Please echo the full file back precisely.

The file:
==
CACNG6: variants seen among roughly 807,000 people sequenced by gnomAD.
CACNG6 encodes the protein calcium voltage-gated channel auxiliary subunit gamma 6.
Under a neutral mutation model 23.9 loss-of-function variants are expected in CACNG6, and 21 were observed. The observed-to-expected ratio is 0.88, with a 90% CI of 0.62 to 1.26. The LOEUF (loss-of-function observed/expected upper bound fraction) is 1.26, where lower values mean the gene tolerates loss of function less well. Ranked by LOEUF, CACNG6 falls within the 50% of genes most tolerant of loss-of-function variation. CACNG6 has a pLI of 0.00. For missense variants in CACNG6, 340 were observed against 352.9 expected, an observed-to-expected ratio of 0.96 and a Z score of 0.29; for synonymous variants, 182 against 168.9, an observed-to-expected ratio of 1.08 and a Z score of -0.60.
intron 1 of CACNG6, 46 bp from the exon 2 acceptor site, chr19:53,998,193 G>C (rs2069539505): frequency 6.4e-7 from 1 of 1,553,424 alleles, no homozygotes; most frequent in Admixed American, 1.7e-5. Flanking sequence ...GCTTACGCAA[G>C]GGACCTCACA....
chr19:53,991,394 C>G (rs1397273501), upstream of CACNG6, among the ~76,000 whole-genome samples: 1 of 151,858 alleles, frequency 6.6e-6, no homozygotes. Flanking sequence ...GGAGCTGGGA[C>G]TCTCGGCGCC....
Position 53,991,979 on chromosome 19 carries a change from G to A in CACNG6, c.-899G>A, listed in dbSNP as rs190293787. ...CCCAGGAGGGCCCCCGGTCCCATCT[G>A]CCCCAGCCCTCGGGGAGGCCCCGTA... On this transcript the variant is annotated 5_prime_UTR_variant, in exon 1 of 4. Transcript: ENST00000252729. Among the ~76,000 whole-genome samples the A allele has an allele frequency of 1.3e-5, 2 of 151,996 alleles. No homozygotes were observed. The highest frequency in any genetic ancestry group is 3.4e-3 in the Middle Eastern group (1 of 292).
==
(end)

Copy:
CACNG6: variants seen among roughly 807,000 people sequenced by gnomAD.
CACNG6 encodes the protein calcium voltage-gated channel auxiliary subunit gamma 6.
Under a neutral mutation model 23.9 loss-of-function variants are expected in CACNG6, and 21 were observed. The observed-to-expected ratio is 0.88, with a 90% CI of 0.62 to 1.26. The LOEUF (loss-of-function observed/expected upper bound fraction) is 1.26, where lower values mean the gene tolerates loss of function less well. Ranked by LOEUF, CACNG6 falls within the 50% of genes most tolerant of loss-of-function variation. CACNG6 has a pLI of 0.00. For missense variants in CACNG6, 340 were observed against 352.9 expected, an observed-to-expected ratio of 0.96 and a Z score of 0.29; for synonymous variants, 182 against 168.9, an observed-to-expected ratio of 1.08 and a Z score of -0.60.
intron 1 of CACNG6, 46 bp from the exon 2 acceptor site, chr19:53,998,193 G>C (rs2069539505): frequency 6.4e-7 from 1 of 1,553,424 alleles, no homozygotes; most frequent in Admixed American, 1.7e-5. Flanking sequence ...GCTTACGCAA[G>C]GGACCTCACA....
chr19:53,991,394 C>G (rs1397273501), upstream of CACNG6, among the ~76,000 whole-genome samples: 1 of 151,858 alleles, frequency 6.6e-6, no homozygotes. Flanking sequence ...GGAGCTGGGA[C>G]TCTCGGCGCC....
Position 53,991,979 on chromosome 19 carries a change from G to A in CACNG6, c.-899G>A, listed in dbSNP as rs190293787. ...CCCAGGAGGGCCCCCGGTCCCATCT[G>A]CCCCAGCCCTCGGGGAGGCCCCGTA... On this transcript the variant is annotated 5_prime_UTR_variant, in exon 1 of 4. Transcript: ENST00000252729. Among the ~76,000 whole-genome samples the A allele has an allele frequency of 1.3e-5, 2 of 151,996 alleles. No homozygotes were observed. The highest frequency in any genetic ancestry group is 3.4e-3 in the Middle Eastern group (1 of 292).